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Why startups fail (and how to avoid it)

Building startups is like cooking a soup. If the broth is spoiled, adding fresh vegetables and the best spices won't help. This seems banal but still, most companies fail because of wrong assumptions, which are made at the very beginning.

The three main reasons for the failure of startups are

  • a flawed business model, 
  • lack of financing,
  • lack of interest in the solution on the market.

At Untitled Kingdom, we consciously don't want to just create useful applications according to the guidelines of the partner we are starting to work with. We treat technology just as a tool, not a goal. First of all, we care about his business success, so that the solutions we design have a chance to prosper on the market.

In creating such complex and sometimes complicated digital solutions, mistakes cannot be avoided, but the success or failure of a startup depends to a large extent on how crucial these mistakes are and how quickly we can eliminate them.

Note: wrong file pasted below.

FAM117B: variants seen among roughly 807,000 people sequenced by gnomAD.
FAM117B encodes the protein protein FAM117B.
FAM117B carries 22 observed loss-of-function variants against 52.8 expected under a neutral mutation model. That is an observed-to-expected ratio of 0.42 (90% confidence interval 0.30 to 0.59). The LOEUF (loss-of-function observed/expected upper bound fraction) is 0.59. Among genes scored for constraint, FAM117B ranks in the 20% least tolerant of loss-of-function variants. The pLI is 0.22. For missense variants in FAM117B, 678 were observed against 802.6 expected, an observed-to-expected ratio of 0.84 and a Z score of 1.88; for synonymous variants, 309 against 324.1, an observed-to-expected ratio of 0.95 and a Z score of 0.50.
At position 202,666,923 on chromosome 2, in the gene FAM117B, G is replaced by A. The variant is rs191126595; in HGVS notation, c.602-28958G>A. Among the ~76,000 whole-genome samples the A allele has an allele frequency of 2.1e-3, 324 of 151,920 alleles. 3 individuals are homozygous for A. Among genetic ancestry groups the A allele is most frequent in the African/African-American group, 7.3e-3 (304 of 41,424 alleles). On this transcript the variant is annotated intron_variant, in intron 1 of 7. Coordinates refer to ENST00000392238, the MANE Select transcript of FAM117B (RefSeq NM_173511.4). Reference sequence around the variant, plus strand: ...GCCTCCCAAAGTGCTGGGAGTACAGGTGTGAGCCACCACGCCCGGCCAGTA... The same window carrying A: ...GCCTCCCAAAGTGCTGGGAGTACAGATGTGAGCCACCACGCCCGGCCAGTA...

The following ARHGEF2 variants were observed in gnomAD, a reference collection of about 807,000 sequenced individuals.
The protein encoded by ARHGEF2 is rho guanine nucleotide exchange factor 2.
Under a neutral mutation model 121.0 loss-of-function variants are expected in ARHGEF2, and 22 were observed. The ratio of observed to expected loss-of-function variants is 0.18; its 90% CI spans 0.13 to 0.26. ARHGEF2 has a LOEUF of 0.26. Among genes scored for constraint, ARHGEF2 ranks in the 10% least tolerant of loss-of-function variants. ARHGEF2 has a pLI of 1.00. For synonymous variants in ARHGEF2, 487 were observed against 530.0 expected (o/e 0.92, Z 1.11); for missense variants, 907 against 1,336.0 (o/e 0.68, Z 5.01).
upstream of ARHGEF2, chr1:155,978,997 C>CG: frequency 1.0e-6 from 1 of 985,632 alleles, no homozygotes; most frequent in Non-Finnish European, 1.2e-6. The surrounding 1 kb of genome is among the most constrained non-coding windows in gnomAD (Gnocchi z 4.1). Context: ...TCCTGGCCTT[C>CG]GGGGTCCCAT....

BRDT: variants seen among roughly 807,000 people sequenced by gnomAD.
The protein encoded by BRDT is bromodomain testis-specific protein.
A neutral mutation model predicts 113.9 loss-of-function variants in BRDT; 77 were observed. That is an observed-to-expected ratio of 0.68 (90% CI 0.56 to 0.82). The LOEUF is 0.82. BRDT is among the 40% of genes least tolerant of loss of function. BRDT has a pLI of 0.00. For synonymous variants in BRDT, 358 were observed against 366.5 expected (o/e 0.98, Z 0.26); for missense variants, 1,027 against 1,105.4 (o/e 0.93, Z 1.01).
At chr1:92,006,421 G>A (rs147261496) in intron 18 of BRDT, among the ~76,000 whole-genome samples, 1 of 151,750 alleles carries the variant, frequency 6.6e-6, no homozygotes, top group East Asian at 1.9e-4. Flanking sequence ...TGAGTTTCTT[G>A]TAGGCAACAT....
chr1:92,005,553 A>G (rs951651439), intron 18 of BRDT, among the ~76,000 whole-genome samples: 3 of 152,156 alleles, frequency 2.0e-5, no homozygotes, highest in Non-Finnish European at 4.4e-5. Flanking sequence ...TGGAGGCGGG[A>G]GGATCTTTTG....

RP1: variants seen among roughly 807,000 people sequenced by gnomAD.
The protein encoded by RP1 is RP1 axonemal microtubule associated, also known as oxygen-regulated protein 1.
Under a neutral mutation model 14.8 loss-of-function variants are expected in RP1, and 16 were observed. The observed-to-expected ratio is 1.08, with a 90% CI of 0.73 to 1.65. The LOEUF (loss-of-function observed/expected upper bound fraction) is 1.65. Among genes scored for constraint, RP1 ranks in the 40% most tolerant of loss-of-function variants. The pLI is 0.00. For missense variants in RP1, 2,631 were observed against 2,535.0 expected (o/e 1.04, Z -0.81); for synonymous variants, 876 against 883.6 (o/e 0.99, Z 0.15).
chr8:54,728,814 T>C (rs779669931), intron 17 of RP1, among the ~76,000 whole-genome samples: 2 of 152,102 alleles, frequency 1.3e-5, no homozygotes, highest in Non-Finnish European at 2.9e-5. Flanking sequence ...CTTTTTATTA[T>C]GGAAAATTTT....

We have 11 years of experience in the market in product & software development and several dozen projects that are further developed. What's our recipe for a delicious broth? 

You will find out from this text:

  • About the research, which results in the causes of startups' fall
  • What are the main reasons for the collapse of startups? 
  • What solutions do we use to make sure that the digital product studio is equipped with to prevent this?